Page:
What’s in our food and should we be worried? We spoke to food futurist Jack Bobo from Futurity about consumer behaviour, risk perception and why a little bit of pyridoxine on your cornflakes is nothing to fear.
Despite what we hear in the media or find in our Facebook feed about the dangers that lurk behind our food labels, food has never been safer than it is today. Why is it then that consumers have never been more worried about the food they eat? It’s a question that intrigues Jack Bobo, an expert on consumer behaviour and the future of food. We caught up with Jack and asked for his insights on consumer trust, why not to fear long words on a label and how to address problems related to nutrition and sustainability.
Is food today safe?
By most measures, the global food supply is safer today than it ever has been. From foodborne illnesses to rates of cancer, the dangers that many fear are lurking in their food have actually decreased dramatically over the last few decades.
Then why do some people fear food?
Because of the relative safety of food in terms of foodborne diseases, regulators, food companies and consumers are able to focus on smaller and smaller risks. Some of the fear arises from how our brains process information. Humans tend to remember tragedies like plane crashes or outbreaks of foodborne diseases because they are catastrophic and because they are rare. By contrast, driving may be riskier, which is to say more dangerous, than flying, but we have all driven past too many accidents to let the dangers make us nervous when we get into a car.
Should we only eat ingredients we recognise?
Limiting ingredients to only those that a consumer recognises is a dubious basis for nutrition advice. After all, many ingredients in our food today serve an excellent, beneficial purpose, even those that may sound scary. Beyond flavour and nutrition, some ingredients are preventing spoilage or extending shelf life.
Many ingredients in our food today serve an excellent, beneficial purpose, even those that may sound scary
By improving food safety and reducing food waste, such ingredients are directly contributing to our health and wellness as well as the health of the planet. These are things we should care about. Furthermore, part of the joy of eating is discovering new flavors. As a result, new food ingredients may sound strange at first, like fenugreek or cardamom, but they are a major part of the food experience.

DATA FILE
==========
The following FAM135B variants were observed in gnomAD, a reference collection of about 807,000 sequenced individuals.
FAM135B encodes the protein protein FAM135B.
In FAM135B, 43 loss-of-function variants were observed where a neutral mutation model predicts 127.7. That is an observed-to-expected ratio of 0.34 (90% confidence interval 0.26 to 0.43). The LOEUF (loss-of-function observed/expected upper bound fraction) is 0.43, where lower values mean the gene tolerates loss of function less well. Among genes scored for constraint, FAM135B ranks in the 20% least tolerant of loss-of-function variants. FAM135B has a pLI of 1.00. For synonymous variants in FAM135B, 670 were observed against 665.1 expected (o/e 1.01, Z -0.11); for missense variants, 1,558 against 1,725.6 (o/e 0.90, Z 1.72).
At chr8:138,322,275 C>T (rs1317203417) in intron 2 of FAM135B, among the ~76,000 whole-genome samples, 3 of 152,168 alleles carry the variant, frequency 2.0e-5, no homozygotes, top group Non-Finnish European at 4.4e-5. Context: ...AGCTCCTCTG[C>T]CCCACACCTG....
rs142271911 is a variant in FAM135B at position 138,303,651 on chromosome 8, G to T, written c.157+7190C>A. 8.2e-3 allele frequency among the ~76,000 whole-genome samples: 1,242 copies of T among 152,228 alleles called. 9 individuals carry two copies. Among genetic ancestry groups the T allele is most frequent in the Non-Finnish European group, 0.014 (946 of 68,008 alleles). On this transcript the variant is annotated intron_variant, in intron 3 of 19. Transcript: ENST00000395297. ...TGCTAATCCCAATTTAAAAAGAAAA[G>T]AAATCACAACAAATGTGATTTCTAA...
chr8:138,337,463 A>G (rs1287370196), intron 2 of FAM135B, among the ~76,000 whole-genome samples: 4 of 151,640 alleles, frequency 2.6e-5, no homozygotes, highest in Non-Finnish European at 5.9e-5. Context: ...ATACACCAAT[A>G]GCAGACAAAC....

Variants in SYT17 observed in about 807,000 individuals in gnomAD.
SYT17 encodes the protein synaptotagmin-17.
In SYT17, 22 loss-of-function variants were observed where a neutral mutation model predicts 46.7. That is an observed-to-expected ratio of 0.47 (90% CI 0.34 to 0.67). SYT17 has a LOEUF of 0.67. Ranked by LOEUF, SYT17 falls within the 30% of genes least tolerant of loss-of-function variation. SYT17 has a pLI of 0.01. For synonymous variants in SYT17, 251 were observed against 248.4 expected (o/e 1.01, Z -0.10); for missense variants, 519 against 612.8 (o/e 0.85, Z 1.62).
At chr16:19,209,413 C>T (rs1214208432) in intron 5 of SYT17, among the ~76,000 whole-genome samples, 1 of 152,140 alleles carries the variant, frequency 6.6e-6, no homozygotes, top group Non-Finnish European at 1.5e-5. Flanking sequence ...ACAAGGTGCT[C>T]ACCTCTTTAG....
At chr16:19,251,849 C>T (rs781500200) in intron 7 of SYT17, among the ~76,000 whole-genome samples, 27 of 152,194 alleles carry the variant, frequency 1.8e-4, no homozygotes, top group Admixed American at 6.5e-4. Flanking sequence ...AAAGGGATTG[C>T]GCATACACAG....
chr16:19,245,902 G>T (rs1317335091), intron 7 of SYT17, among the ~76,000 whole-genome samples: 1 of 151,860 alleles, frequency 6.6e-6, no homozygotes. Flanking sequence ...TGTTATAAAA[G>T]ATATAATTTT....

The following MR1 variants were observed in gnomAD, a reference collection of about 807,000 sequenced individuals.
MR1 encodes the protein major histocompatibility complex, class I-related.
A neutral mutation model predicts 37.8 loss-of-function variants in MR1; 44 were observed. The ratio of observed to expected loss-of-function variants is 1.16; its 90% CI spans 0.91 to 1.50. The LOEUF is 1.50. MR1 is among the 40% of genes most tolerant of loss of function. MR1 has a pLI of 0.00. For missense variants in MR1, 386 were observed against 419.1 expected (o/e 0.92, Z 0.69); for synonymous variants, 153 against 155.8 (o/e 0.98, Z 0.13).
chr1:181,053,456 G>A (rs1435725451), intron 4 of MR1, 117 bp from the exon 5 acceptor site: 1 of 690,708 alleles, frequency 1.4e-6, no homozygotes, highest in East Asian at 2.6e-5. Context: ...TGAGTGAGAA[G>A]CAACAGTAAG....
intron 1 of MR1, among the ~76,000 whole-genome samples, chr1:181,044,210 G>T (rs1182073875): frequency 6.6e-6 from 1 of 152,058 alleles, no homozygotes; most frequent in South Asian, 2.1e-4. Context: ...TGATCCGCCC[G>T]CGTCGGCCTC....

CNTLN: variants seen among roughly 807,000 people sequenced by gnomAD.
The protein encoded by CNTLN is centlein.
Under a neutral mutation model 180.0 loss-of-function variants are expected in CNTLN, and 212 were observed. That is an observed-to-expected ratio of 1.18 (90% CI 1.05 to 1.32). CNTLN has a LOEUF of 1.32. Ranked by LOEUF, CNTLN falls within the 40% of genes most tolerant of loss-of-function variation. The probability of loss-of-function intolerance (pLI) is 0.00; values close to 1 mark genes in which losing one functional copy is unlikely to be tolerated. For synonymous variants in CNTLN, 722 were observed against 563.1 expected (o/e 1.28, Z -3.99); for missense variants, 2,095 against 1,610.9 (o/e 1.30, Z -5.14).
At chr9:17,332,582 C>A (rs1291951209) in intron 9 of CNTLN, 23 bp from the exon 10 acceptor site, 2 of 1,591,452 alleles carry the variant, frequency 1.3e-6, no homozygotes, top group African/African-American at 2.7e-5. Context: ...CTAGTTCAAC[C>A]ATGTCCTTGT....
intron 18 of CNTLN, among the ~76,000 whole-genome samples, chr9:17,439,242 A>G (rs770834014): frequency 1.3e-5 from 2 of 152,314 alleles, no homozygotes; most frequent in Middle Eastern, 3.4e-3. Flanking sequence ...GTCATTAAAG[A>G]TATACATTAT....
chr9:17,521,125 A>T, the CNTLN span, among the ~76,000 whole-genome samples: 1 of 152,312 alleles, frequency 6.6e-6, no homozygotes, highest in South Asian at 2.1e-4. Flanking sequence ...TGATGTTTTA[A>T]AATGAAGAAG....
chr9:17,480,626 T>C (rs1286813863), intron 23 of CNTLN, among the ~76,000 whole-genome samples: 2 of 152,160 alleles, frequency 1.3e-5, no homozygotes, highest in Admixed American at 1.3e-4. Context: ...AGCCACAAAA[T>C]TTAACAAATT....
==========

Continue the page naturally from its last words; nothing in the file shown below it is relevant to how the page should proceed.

Can you give an example of important (but unrecognisable) ingredient?
Many scary-sounding words are not only quite natural, but good for you as well. Here are a few examples.
Sounds awful, right? In fact, it is the official scientific or chemical name of vitamin B6, which is an essential nutrient to sustain human life. Pyridoxine is important for protein, fat, and carbohydrate metabolism and for the creation of red blood cells and neurotransmitters. Studies have shown that it may even improve your mood and reduce symptoms of depression.
- Ascorbyl palmitate
This is an antioxidant (and a natural compound derived from fat) made from vitamin C and palmitic acid. It is used in foods to prevent spoilage. In your body, it’s simply broken down into its parts. Your body uses the vitamin C, and either burns or stores the energy provided by the fat.
If anyone offers you a cup of oxidane, I encourage you to say yes. It is the official chemical name for water. Remember to rehydrate.
What role do communicators have to reassure consumers?
Science tells us what we can do, but the public tells us what we should do. If we want the public to support food preservatives and strange sounding ingredients, the food industry must work to regain public trust.
Science tells us what we can do, but the public tells us what we should do
This is particularly difficult in an age of rampant misinformation. As a result, science and nutrition communicators have never been more critical to ensure that new innovations, which are desperately needed, are able to be deployed to address some of the very real problems related to nutrition and sustainability.
Jack Bobo is the author of Why smart people make bad food choices and CEO of Futurity, a food foresight company that explores emerging food trends and consumer behaviors in an ever more complex world to improve the health of people and the planet.